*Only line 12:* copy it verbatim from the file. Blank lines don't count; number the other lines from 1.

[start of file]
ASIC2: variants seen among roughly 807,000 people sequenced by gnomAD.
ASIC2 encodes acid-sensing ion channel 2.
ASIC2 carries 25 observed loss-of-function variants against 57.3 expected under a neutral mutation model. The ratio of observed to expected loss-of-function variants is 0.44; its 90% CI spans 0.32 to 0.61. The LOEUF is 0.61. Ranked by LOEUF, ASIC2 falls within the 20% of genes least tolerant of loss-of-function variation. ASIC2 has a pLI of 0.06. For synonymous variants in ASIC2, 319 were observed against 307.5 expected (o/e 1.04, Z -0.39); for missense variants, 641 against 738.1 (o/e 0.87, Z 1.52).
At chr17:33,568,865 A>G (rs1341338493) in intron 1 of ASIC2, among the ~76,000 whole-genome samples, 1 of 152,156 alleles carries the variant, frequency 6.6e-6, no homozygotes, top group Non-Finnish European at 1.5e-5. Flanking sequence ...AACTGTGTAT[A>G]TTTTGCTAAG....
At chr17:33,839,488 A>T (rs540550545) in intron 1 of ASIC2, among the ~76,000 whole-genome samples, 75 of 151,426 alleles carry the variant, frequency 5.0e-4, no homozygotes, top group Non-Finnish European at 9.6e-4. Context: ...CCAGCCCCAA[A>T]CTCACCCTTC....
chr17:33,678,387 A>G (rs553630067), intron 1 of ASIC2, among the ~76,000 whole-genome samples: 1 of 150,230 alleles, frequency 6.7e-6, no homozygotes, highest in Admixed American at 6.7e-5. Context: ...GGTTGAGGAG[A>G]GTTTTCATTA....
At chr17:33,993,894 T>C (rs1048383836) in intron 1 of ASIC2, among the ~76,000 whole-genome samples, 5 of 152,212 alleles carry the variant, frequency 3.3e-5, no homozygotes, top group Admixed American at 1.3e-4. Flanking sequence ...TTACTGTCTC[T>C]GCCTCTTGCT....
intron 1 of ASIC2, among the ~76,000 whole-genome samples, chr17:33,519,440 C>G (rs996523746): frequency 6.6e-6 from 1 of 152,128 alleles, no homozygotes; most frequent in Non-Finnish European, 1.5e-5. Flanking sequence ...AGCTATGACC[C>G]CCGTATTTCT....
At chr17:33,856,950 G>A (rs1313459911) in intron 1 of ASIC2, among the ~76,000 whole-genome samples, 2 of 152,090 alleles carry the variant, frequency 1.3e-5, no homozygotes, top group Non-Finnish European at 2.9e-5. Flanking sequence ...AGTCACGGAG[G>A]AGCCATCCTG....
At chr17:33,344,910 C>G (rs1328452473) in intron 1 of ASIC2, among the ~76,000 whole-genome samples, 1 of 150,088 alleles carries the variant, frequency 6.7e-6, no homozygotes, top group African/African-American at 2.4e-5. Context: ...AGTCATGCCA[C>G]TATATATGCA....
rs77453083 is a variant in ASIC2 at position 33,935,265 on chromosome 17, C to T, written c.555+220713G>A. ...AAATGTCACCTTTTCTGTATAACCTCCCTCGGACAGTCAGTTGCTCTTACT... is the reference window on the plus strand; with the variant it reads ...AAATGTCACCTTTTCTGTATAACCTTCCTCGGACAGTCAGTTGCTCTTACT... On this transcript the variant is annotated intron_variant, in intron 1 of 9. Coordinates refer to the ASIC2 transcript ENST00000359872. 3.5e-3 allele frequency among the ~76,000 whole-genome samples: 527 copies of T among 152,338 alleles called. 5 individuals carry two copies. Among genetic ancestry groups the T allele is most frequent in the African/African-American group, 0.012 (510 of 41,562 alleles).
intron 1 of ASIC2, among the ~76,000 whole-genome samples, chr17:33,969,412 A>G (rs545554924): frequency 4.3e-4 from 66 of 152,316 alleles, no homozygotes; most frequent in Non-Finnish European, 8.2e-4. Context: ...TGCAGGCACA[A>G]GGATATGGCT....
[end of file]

intron 1 of ASIC2, among the ~76,000 whole-genome samples, chr17:33,969,412 A>G (rs545554924): frequency 4.3e-4 from 66 of 152,316 alleles, no homozygotes; most frequent in Non-Finnish European, 8.2e-4. Context: ...TGCAGGCACA[A>G]GGATATGGCT....